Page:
Now, backlashes to the freedom agenda should come as no surprise to anyone. There always will be a backlash when you try to change the status quo. But even though that is so-and even though there is more freedom today than there was 30 years ago-I would not belittle the challenges we face today to spreading freedom around the world.
We are, in fact, at a crossroads. How the United States handles the President's freedom agenda in the next few years will be critical for our security in the near and long term.
We all know the setbacks. Hamas has won elections. A radical Islamist won rigged elections in Iran. The radical Muslim Brotherhood picks up seats in elections in Egypt. I would argue that these were not real democratic elections, because they are not occurring under real democratic conditions. But the fact remains there are large segments of Islamic societies that, if given the chance, would use the ballot box to "vote once," if you will, and create oppressive regimes that would deny democracy and freedom in the future.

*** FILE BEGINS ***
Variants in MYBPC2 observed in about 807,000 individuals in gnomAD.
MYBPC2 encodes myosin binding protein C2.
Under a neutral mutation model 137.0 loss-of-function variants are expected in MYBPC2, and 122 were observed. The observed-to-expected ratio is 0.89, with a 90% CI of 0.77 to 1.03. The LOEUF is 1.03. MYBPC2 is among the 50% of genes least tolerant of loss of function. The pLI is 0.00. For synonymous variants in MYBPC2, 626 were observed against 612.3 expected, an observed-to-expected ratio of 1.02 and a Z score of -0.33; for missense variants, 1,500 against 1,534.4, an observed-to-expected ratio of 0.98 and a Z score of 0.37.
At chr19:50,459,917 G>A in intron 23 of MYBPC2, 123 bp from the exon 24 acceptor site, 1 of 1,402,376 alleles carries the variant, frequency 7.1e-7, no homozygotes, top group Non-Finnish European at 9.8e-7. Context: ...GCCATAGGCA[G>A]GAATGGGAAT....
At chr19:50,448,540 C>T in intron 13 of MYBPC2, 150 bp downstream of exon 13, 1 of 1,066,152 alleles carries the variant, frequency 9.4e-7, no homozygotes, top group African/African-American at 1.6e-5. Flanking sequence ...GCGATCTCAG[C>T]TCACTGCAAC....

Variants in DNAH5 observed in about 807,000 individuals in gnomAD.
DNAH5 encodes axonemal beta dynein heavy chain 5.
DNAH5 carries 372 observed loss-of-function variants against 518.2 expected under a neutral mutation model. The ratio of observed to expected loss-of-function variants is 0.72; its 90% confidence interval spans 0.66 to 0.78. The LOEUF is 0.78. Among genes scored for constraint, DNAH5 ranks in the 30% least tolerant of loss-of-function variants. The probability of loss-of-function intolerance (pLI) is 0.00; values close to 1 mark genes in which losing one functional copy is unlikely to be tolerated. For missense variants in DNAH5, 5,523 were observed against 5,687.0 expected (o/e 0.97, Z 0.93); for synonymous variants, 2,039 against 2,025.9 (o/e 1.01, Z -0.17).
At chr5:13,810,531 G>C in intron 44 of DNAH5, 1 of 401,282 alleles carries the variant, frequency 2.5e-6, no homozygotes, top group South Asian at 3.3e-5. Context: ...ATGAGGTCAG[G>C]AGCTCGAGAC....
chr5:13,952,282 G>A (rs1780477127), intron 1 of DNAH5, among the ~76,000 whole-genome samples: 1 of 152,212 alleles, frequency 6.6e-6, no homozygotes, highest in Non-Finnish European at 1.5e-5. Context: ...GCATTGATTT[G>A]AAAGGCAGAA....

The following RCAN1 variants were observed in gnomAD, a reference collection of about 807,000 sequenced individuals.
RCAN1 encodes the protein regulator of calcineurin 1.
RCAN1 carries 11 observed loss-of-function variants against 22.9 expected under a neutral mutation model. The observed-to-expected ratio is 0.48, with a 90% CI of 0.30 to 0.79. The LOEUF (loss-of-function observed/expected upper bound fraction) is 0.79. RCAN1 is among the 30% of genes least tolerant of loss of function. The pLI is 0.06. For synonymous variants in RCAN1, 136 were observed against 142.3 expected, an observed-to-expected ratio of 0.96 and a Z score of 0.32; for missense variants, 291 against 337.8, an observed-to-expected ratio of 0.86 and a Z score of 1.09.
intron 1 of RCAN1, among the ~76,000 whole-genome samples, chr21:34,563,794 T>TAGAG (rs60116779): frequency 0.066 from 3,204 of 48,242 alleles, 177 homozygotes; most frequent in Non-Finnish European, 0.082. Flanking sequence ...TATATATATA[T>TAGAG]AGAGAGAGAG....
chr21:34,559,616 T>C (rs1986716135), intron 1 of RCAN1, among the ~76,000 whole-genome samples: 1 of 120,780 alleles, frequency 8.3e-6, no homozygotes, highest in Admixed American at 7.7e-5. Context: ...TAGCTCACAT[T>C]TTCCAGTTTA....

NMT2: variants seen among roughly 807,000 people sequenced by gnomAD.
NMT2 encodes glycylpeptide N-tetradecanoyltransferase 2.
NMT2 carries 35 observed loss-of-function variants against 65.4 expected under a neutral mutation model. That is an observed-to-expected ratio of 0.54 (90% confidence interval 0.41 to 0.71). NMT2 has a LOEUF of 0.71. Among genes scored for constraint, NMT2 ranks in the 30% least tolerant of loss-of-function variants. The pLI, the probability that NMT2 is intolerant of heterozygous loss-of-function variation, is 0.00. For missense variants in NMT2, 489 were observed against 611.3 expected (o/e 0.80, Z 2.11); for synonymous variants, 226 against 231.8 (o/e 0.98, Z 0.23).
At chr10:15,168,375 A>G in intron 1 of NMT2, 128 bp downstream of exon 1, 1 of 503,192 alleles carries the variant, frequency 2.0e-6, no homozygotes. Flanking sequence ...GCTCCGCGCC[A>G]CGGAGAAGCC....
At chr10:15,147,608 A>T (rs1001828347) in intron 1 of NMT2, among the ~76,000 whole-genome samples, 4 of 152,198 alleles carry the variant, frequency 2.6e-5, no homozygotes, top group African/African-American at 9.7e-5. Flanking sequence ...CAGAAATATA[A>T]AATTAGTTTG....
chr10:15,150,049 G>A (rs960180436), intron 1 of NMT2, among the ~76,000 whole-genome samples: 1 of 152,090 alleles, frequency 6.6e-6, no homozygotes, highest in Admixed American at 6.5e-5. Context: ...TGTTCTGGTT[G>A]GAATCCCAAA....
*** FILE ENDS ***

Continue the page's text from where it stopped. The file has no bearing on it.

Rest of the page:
The backlash is not confined to the Middle East, either. A venomous demagogue, Hugo Chávez, was elected in Venezuela. Amazingly, he recently received UNESCO's highest honors for freedom promotion-delivered by Fidel Castro himself! And one of Chávez's friends was elected last December in Bolivia on a similar platform of populist authoritarianism. Many people believe Chávez is trying to sway results as well in upcoming elections in Peru, Mexico, and Ecuador.
President Vladimir Putin is also backsliding on democracy. He has taken deliberate steps to limit the work of pro-democracy organizations, to restrain freedom of the press, to use Russia's oil and gas supplies as leverage on its neighbors, and to consolidate power in the central government.
China is more threatening toward Taiwan and attempting to constrain democracy in Hong Kong. You can't find any better symbol of Beijing's anti-freedom agenda than the fact that it has gotten Yahoo and Google to agree to block Internet searches in China on the words "freedom" and "democracy."